When Stu Jackson stepped down as the VP and enforcement arm of the NBA, this rumor somehow got started around the Web (as often seems to happen): Jackson was going to take over as the head of the NBA players union.
That doesn’t make much sense — you don’t take a guy from the enemy’s inner circle and put him in charge of negotiating the next collective bargaining agreement for you. He sees things through their eyes, not yours.
SBN’s Tom Ziller was making this point on twitter when the well connected Zach Lowe of Grantland threw out this comment:
This is not the first time we heard this rumor, it’s been thought of around the league for a while.
Mills (a former basketball player at Princeton) was the COO of Madison Square Garden, the owners of the Knicks and Rangers. His stocked dipped there in part because he helped bring in Isiah Thomas, but this is the Knicks front office so nothing is ever just that simple. He is currently the CEO of Athletes & Entertainers Wealth Management Group.
The union has been without an executive director since Billy Hunter was ousted back at the All-Star Game by a unanimous vote of team representatives. An audit of the union had raised a lot of questions about nepotism and how the union’s money was spent (but there was a lot of other issues with Hunter being let go tied back to how the lockout ended).
We’ll see if this happens, but it’s something to watch.
Either or both sides can opt out of the current CBA in 2017. One side will. If I were a betting man I would bet on another lockout then.
Apparently, all it takes is a little public discussion of LeBron James‘ “broken” jump shot to get him back on balance and knocking down the three ball — he was 4-of-6 from deep Wednesday.
Then again J.R. Smith was 7-of-13, Kyrie Irving 4-of-5, and as a team the Cavaliers knocked down a record 25 threes — while shooting 55.6 percent — as they wiped the floor with the Hawks in Game 2.
In case you’re curious where the Cavs were hitting from, here’s the team’s shot chart.
The Houston Rockets aren’t in any rush to hire a new head coach, preferring to interview a wide range of candidates to find the right one. Jeff Van Gundy has been widely believed to be at the top of their list, now that Tom Thibodeau and Scott Brooks are off the market, but ESPN.com’s Marc Stein is reporting another name that has entered the mix: Mike D’Antoni, who last held a head coaching job from 2012 to 2014 with the Lakers and currently serves as the Sixers’ lead assistant.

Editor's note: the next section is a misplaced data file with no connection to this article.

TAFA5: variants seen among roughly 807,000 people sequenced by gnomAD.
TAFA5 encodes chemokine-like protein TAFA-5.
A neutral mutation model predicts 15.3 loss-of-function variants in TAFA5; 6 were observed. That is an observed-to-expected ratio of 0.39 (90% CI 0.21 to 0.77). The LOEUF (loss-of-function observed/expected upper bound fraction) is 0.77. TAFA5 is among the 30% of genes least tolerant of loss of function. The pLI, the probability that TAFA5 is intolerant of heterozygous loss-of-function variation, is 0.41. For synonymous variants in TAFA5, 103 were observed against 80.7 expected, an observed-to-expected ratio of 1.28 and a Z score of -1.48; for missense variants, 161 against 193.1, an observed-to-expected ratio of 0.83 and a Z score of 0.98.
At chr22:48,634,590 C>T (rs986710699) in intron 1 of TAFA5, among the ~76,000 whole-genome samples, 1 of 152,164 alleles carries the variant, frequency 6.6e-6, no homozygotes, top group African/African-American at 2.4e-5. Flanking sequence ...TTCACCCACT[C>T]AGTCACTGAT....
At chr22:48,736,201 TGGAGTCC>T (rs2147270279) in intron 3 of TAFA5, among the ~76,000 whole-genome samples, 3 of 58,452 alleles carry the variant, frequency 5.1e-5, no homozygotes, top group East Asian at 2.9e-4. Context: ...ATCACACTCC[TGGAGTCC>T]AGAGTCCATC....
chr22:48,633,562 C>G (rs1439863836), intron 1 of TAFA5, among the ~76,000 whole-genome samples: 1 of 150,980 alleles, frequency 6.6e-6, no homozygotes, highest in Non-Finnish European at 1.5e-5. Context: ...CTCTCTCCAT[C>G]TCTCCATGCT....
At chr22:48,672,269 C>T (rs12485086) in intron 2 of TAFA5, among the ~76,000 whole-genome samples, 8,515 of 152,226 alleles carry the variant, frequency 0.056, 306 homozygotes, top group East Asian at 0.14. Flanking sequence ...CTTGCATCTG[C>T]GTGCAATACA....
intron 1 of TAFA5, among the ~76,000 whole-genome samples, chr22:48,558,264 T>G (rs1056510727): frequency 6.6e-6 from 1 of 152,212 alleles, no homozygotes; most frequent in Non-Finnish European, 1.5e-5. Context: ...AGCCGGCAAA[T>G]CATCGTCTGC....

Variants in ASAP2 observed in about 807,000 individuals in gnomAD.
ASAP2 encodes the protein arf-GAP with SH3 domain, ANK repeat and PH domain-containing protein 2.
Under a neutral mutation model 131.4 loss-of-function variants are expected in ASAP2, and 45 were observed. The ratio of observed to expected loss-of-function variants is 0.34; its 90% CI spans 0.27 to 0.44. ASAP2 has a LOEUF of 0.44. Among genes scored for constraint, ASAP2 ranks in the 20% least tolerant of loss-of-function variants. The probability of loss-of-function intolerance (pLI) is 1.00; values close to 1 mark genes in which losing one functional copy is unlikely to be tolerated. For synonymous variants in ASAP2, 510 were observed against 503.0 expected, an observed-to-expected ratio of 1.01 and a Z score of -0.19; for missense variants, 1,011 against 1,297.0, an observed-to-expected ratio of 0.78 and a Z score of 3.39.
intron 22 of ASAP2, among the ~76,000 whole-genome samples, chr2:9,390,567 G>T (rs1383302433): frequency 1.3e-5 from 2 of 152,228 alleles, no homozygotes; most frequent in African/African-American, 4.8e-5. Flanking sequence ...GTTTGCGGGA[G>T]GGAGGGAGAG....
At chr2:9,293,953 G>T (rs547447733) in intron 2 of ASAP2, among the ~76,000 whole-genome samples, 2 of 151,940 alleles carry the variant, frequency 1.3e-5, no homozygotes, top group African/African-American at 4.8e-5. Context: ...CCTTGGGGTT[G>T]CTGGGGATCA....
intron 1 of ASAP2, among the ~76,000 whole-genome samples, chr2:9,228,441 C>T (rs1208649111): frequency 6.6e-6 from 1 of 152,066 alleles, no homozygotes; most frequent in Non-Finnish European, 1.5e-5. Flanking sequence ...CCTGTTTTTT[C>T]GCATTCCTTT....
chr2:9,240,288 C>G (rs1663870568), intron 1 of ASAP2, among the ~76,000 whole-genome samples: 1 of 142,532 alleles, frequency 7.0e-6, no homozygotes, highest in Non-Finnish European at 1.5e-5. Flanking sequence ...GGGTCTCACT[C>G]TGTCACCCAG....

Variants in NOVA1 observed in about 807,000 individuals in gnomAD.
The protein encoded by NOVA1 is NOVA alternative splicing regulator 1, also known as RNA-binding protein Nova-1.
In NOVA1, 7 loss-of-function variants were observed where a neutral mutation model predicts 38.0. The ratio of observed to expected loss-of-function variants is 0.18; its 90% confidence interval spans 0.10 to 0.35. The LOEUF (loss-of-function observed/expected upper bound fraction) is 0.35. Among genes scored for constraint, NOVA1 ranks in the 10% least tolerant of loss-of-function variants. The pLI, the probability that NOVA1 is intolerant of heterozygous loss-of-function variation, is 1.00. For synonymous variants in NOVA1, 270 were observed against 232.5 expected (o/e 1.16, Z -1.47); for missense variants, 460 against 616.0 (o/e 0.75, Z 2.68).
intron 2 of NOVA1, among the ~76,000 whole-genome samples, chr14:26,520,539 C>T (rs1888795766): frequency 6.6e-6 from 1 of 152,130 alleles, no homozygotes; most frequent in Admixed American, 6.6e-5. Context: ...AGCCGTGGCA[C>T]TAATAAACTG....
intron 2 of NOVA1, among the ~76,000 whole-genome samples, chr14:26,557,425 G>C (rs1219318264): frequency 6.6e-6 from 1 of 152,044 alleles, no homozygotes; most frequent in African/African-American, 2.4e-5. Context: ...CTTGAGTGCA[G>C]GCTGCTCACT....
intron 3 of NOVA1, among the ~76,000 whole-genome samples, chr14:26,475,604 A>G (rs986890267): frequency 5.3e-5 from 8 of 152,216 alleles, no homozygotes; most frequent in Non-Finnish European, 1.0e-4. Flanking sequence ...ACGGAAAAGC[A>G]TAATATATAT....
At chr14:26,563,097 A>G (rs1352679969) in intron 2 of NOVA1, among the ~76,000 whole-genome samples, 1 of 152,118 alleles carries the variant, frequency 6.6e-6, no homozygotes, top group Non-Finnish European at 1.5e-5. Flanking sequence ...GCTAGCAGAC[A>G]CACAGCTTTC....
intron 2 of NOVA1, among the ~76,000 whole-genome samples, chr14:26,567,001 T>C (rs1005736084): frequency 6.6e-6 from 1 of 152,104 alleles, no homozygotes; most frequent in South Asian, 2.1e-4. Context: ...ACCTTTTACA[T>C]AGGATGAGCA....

The Pacers, meanwhile, haven’t made a final decision on Frank Vogel’s future with the team, but all signs seem to point to him getting let go in the next few days. And if that happens, Stein reports that Vogel will also be on Houston’s list of candidates.
Given the Rockets’ massive drop-off on the defensive end this season, Vogel would seem to be a better fit than D’Antoni. But it sounds like the Rockets aren’t close to finding a replacement for J.B. Bickerstaff, although it would make sense to have a new coach in place by next month’s draft.
On Monday, the Hawks played the Cavaliers close and even led in the fourth quarter, leading plenty of optimism that Game 2 would be equally competitive, that the Hawks had something to build on.
The Cavs dominated from the start on Wednesday, with a 123-98 final score that was far closer than the game actually was — the Cavs led 74-36 at the half and led by as much as 38 at one point in the second half.
The Cavs also hit 25 three-pointers, which is the all-time record for a single game — regular season or playoffs. J.R. Smith hit seven of them, along with four each from LeBron James and Kyrie Irving and three for Kevin Love.
18 of Cleveland’s threes came in the first half, also a playoff record, and this was all Atlanta could do:
That’s the kind of night it was for the Hawks, who now trail 2-0 in the series as it heads back to Atlanta.
LeBron James has always been an incredible passer. In the midst of the Cavs’ Game 2 beatdown of the Hawks, he zipped this one-handed beauty into the paint to Kyrie Irving, who kicked it out to Kevin Love for a corner three:
The three was just one of the 18 Cleveland hit in the first half, which set an NBA playoff record.